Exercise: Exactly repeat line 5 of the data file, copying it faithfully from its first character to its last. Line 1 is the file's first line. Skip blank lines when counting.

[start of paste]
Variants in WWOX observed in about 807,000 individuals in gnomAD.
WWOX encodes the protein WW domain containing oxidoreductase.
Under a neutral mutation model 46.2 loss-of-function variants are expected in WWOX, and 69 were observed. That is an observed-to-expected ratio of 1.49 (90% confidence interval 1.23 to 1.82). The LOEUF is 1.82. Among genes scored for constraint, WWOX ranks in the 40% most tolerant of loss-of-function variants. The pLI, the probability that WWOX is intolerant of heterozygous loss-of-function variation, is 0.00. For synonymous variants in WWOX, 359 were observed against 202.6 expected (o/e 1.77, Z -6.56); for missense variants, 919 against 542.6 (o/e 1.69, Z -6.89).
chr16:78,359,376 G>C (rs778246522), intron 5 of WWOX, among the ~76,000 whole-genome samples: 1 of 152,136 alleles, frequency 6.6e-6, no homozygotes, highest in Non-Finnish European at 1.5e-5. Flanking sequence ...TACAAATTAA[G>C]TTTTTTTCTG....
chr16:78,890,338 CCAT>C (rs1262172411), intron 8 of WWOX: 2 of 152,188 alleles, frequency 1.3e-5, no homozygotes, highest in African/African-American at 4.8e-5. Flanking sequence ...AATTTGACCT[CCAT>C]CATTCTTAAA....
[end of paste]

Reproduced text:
chr16:78,890,338 CCAT>C (rs1262172411), intron 8 of WWOX: 2 of 152,188 alleles, frequency 1.3e-5, no homozygotes, highest in African/African-American at 4.8e-5. Flanking sequence ...AATTTGACCT[CCAT>C]CATTCTTAAA....